A ban on credit gambling in the United Kingdom will be investigated next month by the UK Gambling Commission. After calls for evidence in February, the regulator will now begin consulting with the gambling and financial sectors about the harms of gambling with borrowed money or credit. Credit gambling is a growing problem in countries where gambling is legalised. As a result, the UK will be one of the first nations to investigate preventative measures.
In an official statement, the regulator noted that they would focus on several key points over 12 weeks. First on the agenda will be an overview of the financial and gambling sectors, specifically alternative forms borrowing money for gambling. On this note, they will also investigate the consequences of a credit gambling ban and where gamblers could turn to in order to fund their gambling. Moreover, they will focus on loans and overdraft as possible alternatives. Many UK banks have already taken steps to block gambling on credit/debit cards by customer request.
Currently, Australia and New Zealand are looking into similar bans. A number of AU banks have already taken similar steps to help customers choose a budget for their gambling. Some even placed an outright block on any gambling-related website.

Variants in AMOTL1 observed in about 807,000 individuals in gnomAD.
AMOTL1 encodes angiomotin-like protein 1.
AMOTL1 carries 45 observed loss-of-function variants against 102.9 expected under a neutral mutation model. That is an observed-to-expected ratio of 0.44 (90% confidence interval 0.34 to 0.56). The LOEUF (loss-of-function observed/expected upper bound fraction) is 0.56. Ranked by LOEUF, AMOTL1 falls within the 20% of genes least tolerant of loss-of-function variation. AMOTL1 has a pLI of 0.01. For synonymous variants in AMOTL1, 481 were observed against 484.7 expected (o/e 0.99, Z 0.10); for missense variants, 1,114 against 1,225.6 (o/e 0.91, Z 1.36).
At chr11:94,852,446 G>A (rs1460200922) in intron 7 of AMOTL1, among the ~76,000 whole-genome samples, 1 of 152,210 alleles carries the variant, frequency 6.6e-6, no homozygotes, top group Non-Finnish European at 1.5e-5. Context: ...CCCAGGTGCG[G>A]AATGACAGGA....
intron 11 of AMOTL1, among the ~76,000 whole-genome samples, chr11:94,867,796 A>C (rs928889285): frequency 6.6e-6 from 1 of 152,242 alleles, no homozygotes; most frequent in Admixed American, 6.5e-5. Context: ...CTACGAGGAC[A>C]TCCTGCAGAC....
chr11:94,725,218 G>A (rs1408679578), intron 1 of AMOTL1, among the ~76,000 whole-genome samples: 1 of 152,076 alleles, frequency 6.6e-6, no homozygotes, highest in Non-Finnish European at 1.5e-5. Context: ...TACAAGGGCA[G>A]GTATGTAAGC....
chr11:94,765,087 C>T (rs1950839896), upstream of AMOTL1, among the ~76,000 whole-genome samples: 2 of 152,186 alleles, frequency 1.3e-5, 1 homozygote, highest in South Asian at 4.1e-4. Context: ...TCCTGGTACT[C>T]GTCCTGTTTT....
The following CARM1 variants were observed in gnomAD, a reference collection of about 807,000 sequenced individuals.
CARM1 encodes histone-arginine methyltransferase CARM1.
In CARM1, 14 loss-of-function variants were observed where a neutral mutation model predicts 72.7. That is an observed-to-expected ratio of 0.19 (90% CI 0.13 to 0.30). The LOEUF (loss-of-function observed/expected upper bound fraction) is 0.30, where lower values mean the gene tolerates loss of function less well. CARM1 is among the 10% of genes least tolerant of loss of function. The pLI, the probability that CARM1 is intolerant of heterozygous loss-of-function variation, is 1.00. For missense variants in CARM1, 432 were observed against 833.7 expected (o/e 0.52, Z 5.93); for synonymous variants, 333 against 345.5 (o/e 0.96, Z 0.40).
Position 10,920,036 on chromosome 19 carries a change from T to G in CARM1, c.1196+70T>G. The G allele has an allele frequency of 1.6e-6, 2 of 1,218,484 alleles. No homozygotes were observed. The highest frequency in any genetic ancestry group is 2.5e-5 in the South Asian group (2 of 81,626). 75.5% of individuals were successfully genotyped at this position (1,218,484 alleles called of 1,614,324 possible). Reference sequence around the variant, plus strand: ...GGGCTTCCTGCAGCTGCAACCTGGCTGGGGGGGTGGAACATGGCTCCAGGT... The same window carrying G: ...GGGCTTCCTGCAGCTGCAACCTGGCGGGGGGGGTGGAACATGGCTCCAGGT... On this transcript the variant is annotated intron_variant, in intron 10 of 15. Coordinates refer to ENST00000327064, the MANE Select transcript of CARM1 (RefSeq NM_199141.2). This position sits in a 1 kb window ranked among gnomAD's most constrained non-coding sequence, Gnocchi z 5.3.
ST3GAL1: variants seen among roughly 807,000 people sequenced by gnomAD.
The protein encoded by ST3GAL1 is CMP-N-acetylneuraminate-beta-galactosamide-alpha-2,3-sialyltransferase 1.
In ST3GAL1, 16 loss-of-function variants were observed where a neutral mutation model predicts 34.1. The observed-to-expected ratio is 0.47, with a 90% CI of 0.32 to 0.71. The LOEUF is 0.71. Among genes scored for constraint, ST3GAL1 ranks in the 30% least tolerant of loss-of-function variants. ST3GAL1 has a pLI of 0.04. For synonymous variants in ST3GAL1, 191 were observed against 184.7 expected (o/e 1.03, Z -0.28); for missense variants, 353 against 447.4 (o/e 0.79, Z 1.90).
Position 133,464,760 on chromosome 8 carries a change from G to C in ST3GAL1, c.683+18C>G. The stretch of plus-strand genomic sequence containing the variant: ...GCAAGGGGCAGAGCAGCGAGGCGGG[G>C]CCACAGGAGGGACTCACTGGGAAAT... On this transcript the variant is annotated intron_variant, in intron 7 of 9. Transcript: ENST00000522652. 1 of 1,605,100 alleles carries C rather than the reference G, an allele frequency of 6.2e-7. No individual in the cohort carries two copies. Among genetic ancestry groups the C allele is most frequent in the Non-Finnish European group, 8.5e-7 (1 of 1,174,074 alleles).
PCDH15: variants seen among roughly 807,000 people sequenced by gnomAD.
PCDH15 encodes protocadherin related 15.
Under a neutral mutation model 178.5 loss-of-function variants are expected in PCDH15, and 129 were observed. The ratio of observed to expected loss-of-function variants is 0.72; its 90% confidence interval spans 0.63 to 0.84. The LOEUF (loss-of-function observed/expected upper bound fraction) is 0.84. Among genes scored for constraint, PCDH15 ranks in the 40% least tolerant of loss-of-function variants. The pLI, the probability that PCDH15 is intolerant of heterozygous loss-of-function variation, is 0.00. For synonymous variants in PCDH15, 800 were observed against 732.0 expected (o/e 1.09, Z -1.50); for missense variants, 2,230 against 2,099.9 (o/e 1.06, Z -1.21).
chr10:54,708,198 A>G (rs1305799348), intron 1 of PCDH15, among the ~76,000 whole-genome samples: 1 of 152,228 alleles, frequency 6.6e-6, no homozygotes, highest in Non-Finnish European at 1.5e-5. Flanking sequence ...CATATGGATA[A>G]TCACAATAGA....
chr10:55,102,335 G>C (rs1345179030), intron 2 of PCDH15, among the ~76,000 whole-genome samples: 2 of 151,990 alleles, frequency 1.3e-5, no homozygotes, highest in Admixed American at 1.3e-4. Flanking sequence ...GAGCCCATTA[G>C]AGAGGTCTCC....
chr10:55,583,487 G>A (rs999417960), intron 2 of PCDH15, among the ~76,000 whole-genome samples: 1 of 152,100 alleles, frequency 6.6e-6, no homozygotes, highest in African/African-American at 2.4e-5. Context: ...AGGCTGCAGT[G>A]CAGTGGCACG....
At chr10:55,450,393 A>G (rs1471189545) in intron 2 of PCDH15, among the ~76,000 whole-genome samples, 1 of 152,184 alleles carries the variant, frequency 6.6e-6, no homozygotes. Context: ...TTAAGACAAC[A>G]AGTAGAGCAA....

Debt Gambling through Payment Services
Another concerning factor that will be discussed is the use of eWallets in conjunction with credit gambling. Since operators can’t trace the origin of payments to eWallets, they could be funded by credited money like loans or credit cards. Of course, this is a secure way to deposit money into an account, but it could be hiding a gambling problem.
Unfortunately, the UK is facing a large influx of problem gambling and gambling-related harm. Through following casino news, a number of cases have shown that gamblers are creating debt in order to keep playing. In some cases, they have also turned to fraud when other means are exhausted. Finding ways to prevent these actions will be the main focus of the ban on credit gambling, if it passes.
Lack of Evidence about Credit Gambling
Back in February, the UKGC asked for evidence on credit gambling in order to gain ‘meaningful input’ on the issue. However, the call failed to gain ‘telling insights’. So, they will now investigate consumer motivations for gambling on credit and whether it’s beneficial. Many politicians have already condemned credit gambling and have called for a full ban. Should it go through, the outright ban will further affect the gambling industry negatively.
In the aftermath of the enforced reduced stake for Fixed-Odds betting terminals, many gambling venues are about to close. Moreover, the Remote Gaming Duty (RGD) for online operators will increase from 15% to 21% in October. All UK-licensed online gambling sites will thus be affected and could lose business. Many New Zealanders will also be affected by the RGD.
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